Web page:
On Friday 11th June, I went to see Dmitri Hvorostovsky (top left) at a song recital at the Wigmore Hall. He was performing a concert dedicated to the great Russian mezzo-soprano Irina Konstantinova Arkhipova (below left), who died on February 11th 2010, a month after her 85th birthday.
Arkhipova will be remembered not just for her beautiful, youthful voice and magnificently long career, but also as a teacher and talent spotter. Almost all big name Russian performers, such as Hvorostovsky, Borodina, Guleghina and Netrebko, were taught by her. She even, in the late 1980's, headed the International Union of Music.
I was expecting much from Hvorostovsky, as I had enjoyed his previous concert with Anna Netrebko at the South Bank, and was interested to see how his voice would work with the acousics of the Wigmore Hall. He did not disappoint! He and his pianist, Ivari Ilja, took us on a mesmerising journey through two of the great Russian composers: Piotr Ilyich Tchaikovsky and Sergi Rachmaninov.
Many of the opera 'critics' are always ready to point out that Hvorostovsky's voice is not in the 'Heldenbaritone' league, being a smaller voice than someone like, for instance, Bryn Terfel. At the Wigmore Hall, this was not evident, as the size and the acoustic of the Hall allowed his voice to reverberate with considerable force.
My favourites were: 'Again, as before, I am alone', 'No, only the lonely heart', and 'In the silence of the secret night'. The first of these rises to a magnificent G sharp in the third verse, which was secure, well placed and dramatic. The second was a beautiful rendition of this well known song, sometimes known as 'None but the lonely heart'. The third, however, was my favourite. The last note was held so long, and with perfect control, that there was an audible gasp from the audience at its end.
All in all, another triumph for Dmitri, and another well chosen arist by the Wigmore Hall.
The program was as follows:
Again, as before, I am alone
The heroic deed
I opened the window
Don Juan's Serenade
As fair as the day in blaze of noon
Do not sing for me, fair maiden
Oh no, I beg you, do not leave!
A tear trembles
No, only the lonely heart
The fearful moment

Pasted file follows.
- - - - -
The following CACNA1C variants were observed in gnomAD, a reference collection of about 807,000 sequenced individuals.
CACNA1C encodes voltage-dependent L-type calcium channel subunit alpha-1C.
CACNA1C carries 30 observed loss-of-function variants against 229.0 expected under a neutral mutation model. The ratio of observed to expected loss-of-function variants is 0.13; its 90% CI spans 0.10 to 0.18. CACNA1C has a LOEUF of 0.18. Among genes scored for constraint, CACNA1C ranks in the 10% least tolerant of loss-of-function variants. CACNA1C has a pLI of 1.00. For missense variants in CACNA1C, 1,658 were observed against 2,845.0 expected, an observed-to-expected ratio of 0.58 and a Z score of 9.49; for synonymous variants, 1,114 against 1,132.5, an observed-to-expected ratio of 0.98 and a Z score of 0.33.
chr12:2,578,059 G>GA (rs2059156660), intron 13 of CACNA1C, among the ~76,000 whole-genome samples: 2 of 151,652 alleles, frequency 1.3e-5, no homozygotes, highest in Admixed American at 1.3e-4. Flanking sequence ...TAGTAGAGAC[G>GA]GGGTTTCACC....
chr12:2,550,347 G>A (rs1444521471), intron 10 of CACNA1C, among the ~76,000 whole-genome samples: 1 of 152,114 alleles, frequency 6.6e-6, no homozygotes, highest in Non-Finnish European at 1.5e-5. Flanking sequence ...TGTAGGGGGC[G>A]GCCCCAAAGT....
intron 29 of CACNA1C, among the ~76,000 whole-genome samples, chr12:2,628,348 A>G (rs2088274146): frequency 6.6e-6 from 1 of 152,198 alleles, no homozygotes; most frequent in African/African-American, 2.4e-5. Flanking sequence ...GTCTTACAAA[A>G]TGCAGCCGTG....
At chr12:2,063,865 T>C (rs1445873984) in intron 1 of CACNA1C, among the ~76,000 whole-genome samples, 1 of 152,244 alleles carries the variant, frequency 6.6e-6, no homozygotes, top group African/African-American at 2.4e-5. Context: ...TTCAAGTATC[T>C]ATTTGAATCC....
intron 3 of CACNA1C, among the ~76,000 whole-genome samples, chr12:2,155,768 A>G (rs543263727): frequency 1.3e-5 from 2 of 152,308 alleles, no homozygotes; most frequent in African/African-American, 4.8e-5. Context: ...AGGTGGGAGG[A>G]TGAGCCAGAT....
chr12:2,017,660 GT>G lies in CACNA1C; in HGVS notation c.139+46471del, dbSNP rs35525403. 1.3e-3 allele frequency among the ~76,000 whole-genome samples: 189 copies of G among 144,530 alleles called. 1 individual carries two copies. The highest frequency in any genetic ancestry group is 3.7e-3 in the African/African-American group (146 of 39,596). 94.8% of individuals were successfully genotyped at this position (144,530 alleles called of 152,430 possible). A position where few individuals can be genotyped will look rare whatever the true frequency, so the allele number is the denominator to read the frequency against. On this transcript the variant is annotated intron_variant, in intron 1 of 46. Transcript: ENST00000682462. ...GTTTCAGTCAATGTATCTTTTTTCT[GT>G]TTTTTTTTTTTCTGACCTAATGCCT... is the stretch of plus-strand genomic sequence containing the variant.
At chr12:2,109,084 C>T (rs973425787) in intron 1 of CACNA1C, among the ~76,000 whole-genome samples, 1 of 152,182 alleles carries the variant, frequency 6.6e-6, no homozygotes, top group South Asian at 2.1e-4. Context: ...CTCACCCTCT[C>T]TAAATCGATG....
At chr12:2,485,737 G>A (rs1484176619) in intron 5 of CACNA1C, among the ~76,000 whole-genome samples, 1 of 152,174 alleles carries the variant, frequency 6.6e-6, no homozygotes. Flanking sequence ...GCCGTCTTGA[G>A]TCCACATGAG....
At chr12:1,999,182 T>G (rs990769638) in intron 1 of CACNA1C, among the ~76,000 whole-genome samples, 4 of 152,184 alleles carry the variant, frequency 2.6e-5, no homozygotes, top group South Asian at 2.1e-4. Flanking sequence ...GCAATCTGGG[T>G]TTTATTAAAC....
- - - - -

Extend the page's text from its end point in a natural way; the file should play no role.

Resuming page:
When yesterday we met
In the silence of the secret night
He has taken all from me
An excerpt from Musset - Loneliness
Christ is risen
In keeping with the musical theme, I also went to see Anna Netrebko and Dmitri Hvorostovsky at the Royal Festival Hall.
It was an interesting night, with dancing and dress-changes from Anna, and the tightest trousers on earth from Dmitri. The singing was first class, with Netrebko’s high notes soaring across the auditorium, and Dmitri’s dark baritone enchanting the crowd.
What caught my eye was the number of young people, and the number of non opera-goers, that were there. Perhaps the glamour of the two soloists drew in a more mixed crowd for the occasion? Who knows – but it was nice to see more people engage with the Opera world.
The Orchestra was fantastic, and the lead cellist seemed to be having a great time! Overall, a slick, well-produced show, full of both glamour and substance, and two encores. I’m glad I went.
My personal favourites for the evening were:
Dvořák’s Song to the Moon (video made by pavelrysavy, see his YouTube channel here)
Wagner’s Abenstern (video made by jesterimb, see his YouTube channel here)
Verdi’s Overture from La forza del destino (video made by pozzil. see pozzil's YouTube channel here)
The full program is listed below:
William Tell Overture – Rossini
‘Abendstern’ (Wolfram’s Aria from Tannhäuser) – Wagner
Cäcilie – Strauss
Rákóczy March (from La damnation de Faust) – Berlioz
‘Avant de quitter ces lieux’ (from Faust) – Gounod
‘Jewel Song’ (from Faust) – Gounod
Intermezzo (from I Pagliacci) – Leoncavallo
‘Nedda! Silvio, a quest’ora’ (from I Pagliacci) – Leoncavallo
La Forza del destino Overture – Verdi
Il bacio – Ardiyi‘Cortigiani vil razza’ (from Rigoletto) – Verdi
Song to the Moon (from Rusalka) – Dvořák
Yeletsky’s Aria (from La Pique Dame) – Tchaikovsky
Polonaise (from Eugene Onegin) – Tchaikovsky
Closing Duet (from Eugene Onegin) – Tchaikovsky